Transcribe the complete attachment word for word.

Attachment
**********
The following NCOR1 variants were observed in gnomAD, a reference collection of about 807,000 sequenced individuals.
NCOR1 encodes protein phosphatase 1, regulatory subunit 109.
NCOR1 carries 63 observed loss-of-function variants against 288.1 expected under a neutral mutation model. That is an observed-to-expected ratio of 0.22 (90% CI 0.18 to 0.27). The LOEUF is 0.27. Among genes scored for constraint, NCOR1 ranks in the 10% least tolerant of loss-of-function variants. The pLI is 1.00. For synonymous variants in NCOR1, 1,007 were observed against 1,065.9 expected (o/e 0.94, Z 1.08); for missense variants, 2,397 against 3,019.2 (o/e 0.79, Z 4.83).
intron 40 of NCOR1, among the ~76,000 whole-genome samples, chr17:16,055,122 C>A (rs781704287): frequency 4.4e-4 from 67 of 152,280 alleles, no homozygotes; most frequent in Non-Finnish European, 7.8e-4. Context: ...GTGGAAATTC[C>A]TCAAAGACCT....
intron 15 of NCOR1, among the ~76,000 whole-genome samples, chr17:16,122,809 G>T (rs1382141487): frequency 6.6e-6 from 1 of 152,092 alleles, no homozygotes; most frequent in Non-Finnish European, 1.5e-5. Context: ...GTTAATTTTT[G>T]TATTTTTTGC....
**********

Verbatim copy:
The following NCOR1 variants were observed in gnomAD, a reference collection of about 807,000 sequenced individuals.
NCOR1 encodes protein phosphatase 1, regulatory subunit 109.
NCOR1 carries 63 observed loss-of-function variants against 288.1 expected under a neutral mutation model. That is an observed-to-expected ratio of 0.22 (90% CI 0.18 to 0.27). The LOEUF is 0.27. Among genes scored for constraint, NCOR1 ranks in the 10% least tolerant of loss-of-function variants. The pLI is 1.00. For synonymous variants in NCOR1, 1,007 were observed against 1,065.9 expected (o/e 0.94, Z 1.08); for missense variants, 2,397 against 3,019.2 (o/e 0.79, Z 4.83).
intron 40 of NCOR1, among the ~76,000 whole-genome samples, chr17:16,055,122 C>A (rs781704287): frequency 4.4e-4 from 67 of 152,280 alleles, no homozygotes; most frequent in Non-Finnish European, 7.8e-4. Context: ...GTGGAAATTC[C>A]TCAAAGACCT....
intron 15 of NCOR1, among the ~76,000 whole-genome samples, chr17:16,122,809 G>T (rs1382141487): frequency 6.6e-6 from 1 of 152,092 alleles, no homozygotes; most frequent in Non-Finnish European, 1.5e-5. Context: ...GTTAATTTTT[G>T]TATTTTTTGC....